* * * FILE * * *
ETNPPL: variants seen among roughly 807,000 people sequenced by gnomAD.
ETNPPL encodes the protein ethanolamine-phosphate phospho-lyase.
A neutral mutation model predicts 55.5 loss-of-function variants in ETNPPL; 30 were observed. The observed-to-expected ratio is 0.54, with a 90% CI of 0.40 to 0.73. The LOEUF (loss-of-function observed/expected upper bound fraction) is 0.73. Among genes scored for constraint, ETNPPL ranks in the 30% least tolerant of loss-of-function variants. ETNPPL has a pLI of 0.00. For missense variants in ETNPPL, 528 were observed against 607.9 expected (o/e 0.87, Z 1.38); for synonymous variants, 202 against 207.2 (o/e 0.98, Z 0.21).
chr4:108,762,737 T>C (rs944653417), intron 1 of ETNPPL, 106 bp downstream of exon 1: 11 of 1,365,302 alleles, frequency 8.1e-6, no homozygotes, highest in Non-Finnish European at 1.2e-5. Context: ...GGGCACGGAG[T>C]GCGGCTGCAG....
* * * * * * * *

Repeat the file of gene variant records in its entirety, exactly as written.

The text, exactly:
ETNPPL: variants seen among roughly 807,000 people sequenced by gnomAD.
ETNPPL encodes the protein ethanolamine-phosphate phospho-lyase.
A neutral mutation model predicts 55.5 loss-of-function variants in ETNPPL; 30 were observed. The observed-to-expected ratio is 0.54, with a 90% CI of 0.40 to 0.73. The LOEUF (loss-of-function observed/expected upper bound fraction) is 0.73. Among genes scored for constraint, ETNPPL ranks in the 30% least tolerant of loss-of-function variants. ETNPPL has a pLI of 0.00. For missense variants in ETNPPL, 528 were observed against 607.9 expected (o/e 0.87, Z 1.38); for synonymous variants, 202 against 207.2 (o/e 0.98, Z 0.21).
chr4:108,762,737 T>C (rs944653417), intron 1 of ETNPPL, 106 bp downstream of exon 1: 11 of 1,365,302 alleles, frequency 8.1e-6, no homozygotes, highest in Non-Finnish European at 1.2e-5. Context: ...GGGCACGGAG[T>C]GCGGCTGCAG....